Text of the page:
I always feel sad for these people who appear to have so little joy in their lives, whatever their race.
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Old Feb 29th 2008, 3:41 pm
  #126  
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Default Re: How do you deal with the racism in Canada?

[QUOTE=Morwenna;5997472]The question/s of the first nations people, what and why there are problems is something that interests me. Thanks to all who have given links to reading material.

When we first came here a (British) friend was saying that they (his company) tried to employ native people, but on the whole they were very poor workers. He said they would be OK for a while but once they had received a couple of paychecks and could afford their new fridge or TV or truck they would get less and less reliable, turning up late for work, or drunk or not at all. That was one viewpoint. He seemed genuinely sad about it. QUOTE]


I'm wondering if this could be something to do with their mind-set, their way of thinking. Not saying this very well, but these are people who have never put much stock in material possessions, brand names, the latest Must Haves, "image", whatever you want to call it. Everything they needed they got from the natural world. It was not a society that needed to earn money to exchange for Things, so maybe this is why they tend to earn what they need for what they have to buy at that time...........the incentive is short-lived. Is it our fault, in some way, trying to get them to live our way of life, rather than their own? I think in order to understand what's going on, we have to try to think like they think. Does anyone in government ever ask them what they really want, or are they afraid of the answer?
Or am I talking through a hole in the back of my head?
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Old Feb 29th 2008, 3:42 pm
  #127  
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Default Re: How do you deal with the racism in Canada?

And why, when I want to include a QUOTE from someone, does it do that...see above..it doesn't change to the small blue text?
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Old Feb 29th 2008, 3:47 pm
  #128  
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Default Re: How do you deal with the racism in Canada?

Originally Posted by oldbag View Post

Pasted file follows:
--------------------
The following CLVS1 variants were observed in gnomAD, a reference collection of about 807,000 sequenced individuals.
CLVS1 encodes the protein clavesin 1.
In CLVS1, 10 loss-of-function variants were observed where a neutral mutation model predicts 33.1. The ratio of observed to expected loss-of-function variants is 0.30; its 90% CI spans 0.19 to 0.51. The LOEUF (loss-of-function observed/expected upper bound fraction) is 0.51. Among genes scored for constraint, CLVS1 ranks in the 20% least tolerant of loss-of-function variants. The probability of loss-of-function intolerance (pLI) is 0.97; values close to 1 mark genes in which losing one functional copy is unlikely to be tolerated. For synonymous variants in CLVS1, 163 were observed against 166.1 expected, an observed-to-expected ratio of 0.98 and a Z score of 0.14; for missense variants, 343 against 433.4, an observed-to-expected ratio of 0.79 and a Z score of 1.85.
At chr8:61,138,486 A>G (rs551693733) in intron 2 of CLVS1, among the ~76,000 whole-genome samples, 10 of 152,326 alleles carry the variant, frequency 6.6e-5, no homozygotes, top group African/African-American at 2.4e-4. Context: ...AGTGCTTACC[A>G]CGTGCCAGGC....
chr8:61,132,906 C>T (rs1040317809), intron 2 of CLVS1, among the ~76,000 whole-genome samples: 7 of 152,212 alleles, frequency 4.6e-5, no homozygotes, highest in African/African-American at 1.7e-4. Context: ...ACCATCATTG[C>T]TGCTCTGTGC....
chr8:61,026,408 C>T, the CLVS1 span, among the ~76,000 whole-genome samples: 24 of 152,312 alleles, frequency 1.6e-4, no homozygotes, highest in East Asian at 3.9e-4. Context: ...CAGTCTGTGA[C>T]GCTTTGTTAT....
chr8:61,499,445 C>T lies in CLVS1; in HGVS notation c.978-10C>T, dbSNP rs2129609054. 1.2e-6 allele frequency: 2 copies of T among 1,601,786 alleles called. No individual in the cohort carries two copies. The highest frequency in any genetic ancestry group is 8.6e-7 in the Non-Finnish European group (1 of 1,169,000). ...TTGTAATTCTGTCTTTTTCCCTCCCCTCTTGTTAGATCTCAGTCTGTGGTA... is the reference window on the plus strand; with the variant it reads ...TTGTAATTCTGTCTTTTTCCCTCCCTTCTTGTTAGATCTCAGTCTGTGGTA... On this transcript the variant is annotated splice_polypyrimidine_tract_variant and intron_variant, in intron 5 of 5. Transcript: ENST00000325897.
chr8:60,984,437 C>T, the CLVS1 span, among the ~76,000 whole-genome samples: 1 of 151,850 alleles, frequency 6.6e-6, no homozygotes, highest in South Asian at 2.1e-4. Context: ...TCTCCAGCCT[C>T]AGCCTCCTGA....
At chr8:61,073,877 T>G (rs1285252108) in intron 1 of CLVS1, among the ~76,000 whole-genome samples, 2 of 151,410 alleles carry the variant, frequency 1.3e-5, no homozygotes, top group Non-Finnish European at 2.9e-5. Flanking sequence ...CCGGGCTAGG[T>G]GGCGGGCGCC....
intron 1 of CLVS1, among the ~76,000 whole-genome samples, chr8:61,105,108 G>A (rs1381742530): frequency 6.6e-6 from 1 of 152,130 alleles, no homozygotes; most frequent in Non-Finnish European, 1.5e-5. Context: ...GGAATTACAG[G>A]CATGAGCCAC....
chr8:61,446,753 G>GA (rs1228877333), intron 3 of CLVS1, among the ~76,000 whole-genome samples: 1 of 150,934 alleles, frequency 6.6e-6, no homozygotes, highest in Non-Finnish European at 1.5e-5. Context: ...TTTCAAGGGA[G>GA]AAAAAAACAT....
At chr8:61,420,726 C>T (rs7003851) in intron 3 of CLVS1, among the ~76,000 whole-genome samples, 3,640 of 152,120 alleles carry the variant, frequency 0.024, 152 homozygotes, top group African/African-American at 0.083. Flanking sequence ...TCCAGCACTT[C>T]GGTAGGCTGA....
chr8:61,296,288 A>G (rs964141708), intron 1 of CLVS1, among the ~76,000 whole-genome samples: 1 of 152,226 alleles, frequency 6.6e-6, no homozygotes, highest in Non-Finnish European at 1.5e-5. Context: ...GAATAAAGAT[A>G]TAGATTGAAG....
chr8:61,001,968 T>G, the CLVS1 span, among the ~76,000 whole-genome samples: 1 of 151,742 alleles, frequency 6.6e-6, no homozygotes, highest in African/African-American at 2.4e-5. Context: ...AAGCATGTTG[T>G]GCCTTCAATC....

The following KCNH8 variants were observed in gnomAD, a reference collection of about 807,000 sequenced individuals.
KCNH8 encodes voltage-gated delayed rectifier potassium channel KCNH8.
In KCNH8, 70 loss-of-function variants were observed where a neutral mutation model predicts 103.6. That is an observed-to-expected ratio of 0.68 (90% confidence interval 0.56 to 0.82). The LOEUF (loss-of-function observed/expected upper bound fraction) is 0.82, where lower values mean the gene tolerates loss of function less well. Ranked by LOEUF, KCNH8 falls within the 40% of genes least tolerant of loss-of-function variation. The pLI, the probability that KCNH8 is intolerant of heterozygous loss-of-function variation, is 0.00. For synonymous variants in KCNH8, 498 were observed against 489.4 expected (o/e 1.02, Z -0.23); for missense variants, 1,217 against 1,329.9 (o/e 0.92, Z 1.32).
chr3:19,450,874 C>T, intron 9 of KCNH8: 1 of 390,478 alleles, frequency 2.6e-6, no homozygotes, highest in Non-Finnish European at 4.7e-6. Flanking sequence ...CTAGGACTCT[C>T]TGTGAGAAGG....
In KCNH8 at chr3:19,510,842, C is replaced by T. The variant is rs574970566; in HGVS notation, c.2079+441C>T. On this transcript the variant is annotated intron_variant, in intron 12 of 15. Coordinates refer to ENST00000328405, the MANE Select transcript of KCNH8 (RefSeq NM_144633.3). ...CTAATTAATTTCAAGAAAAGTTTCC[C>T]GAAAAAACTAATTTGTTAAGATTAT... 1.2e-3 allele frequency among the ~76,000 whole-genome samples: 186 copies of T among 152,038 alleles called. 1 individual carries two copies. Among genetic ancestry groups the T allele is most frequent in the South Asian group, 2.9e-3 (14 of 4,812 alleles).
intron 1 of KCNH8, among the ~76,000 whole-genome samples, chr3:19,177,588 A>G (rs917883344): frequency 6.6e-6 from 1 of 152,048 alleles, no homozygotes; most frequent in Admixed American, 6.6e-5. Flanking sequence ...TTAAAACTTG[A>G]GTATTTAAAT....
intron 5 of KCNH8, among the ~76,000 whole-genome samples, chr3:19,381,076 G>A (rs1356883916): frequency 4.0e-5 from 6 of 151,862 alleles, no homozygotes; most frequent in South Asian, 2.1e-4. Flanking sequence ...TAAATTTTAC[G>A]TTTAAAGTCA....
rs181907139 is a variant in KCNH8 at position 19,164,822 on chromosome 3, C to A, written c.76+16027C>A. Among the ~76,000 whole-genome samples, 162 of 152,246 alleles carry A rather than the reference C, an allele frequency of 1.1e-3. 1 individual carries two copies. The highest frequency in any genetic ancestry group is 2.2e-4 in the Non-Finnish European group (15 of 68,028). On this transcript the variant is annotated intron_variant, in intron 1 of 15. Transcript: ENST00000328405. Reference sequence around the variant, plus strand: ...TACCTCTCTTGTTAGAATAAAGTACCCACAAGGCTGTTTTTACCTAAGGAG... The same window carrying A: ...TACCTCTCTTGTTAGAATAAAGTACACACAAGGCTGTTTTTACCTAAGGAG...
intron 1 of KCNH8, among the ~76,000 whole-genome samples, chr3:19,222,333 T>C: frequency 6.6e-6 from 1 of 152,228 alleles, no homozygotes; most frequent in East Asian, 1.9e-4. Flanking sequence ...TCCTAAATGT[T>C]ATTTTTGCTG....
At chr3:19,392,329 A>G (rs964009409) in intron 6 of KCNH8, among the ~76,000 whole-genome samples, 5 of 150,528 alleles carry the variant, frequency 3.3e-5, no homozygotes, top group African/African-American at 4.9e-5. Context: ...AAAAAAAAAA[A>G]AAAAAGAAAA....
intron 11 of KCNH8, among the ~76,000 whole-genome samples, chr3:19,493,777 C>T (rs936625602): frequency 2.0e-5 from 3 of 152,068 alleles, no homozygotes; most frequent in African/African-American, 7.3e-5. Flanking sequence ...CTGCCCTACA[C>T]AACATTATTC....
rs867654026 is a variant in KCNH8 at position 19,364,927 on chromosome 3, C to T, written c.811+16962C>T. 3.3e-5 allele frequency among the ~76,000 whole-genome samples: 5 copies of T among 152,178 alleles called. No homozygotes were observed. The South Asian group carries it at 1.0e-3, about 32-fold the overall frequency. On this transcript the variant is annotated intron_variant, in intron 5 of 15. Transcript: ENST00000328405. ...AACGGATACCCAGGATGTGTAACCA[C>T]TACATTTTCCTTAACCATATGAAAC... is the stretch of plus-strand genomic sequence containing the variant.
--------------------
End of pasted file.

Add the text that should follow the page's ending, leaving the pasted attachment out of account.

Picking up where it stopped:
And why, when I want to include a QUOTE from someone, does it do that...see above..it doesn't change to the small blue text?
You're missing [/ in front of QUOTE after the text you're quoting. All quotes start with a tag:

{QUOTE=oldbag;5999359}

and end with a tag

{/QUOTE}

note that the squiggly brackets in my example should be square brackets but, if I did that, the examples would go all quoty.

Like this:

Originally Posted by oldbag View Post

and end with a tag
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Old Feb 29th 2008, 3:48 pm
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Default Re: How do you deal with the racism in Canada?

Originally Posted by oldbag View Post
And why, when I want to include a QUOTE from someone, does it do that...see above..it doesn't change to the small blue text?
Because if you look closely you deleted the square bracket and slash at the beginning of the close quote.
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Old Feb 29th 2008, 4:11 pm
  #130  
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Default Re: How do you deal with the racism in Canada?

[QUOTE=oldbag;5999355]
Originally Posted by Morwenna View Post
I'm wondering if this could be something to do with their mind-set, their way of thinking. Not saying this very well, but these are people who have never put much stock in material possessions, brand names, the latest Must Haves, "image", whatever you want to call it. Everything they needed they got from the natural world. It was not a society that needed to earn money to exchange for Things, so maybe this is why they tend to earn what they need for what they have to buy at that time...........the incentive is short-lived.